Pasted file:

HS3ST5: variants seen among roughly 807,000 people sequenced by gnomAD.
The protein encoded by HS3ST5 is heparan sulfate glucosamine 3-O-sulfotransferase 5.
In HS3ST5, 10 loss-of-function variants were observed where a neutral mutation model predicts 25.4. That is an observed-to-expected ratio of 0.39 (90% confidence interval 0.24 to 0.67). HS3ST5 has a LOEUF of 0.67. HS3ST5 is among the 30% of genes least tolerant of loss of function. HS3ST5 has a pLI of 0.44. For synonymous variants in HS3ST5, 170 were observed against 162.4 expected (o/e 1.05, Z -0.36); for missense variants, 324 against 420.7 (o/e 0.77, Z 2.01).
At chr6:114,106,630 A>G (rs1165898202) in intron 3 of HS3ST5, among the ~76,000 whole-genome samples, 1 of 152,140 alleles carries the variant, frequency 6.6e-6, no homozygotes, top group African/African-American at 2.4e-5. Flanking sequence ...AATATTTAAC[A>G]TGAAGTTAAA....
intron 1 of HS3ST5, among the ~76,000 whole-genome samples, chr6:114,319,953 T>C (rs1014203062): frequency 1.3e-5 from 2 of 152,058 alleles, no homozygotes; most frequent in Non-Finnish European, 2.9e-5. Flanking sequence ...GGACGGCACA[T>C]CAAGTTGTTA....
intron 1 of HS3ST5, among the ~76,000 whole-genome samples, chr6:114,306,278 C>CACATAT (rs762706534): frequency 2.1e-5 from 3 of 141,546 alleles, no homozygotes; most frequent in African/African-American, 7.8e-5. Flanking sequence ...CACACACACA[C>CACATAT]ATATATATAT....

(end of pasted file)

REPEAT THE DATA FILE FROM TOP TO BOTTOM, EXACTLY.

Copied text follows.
HS3ST5: variants seen among roughly 807,000 people sequenced by gnomAD.
The protein encoded by HS3ST5 is heparan sulfate glucosamine 3-O-sulfotransferase 5.
In HS3ST5, 10 loss-of-function variants were observed where a neutral mutation model predicts 25.4. That is an observed-to-expected ratio of 0.39 (90% confidence interval 0.24 to 0.67). HS3ST5 has a LOEUF of 0.67. HS3ST5 is among the 30% of genes least tolerant of loss of function. HS3ST5 has a pLI of 0.44. For synonymous variants in HS3ST5, 170 were observed against 162.4 expected (o/e 1.05, Z -0.36); for missense variants, 324 against 420.7 (o/e 0.77, Z 2.01).
At chr6:114,106,630 A>G (rs1165898202) in intron 3 of HS3ST5, among the ~76,000 whole-genome samples, 1 of 152,140 alleles carries the variant, frequency 6.6e-6, no homozygotes, top group African/African-American at 2.4e-5. Flanking sequence ...AATATTTAAC[A>G]TGAAGTTAAA....
intron 1 of HS3ST5, among the ~76,000 whole-genome samples, chr6:114,319,953 T>C (rs1014203062): frequency 1.3e-5 from 2 of 152,058 alleles, no homozygotes; most frequent in Non-Finnish European, 2.9e-5. Flanking sequence ...GGACGGCACA[T>C]CAAGTTGTTA....
intron 1 of HS3ST5, among the ~76,000 whole-genome samples, chr6:114,306,278 C>CACATAT (rs762706534): frequency 2.1e-5 from 3 of 141,546 alleles, no homozygotes; most frequent in African/African-American, 7.8e-5. Flanking sequence ...CACACACACA[C>CACATAT]ATATATATAT....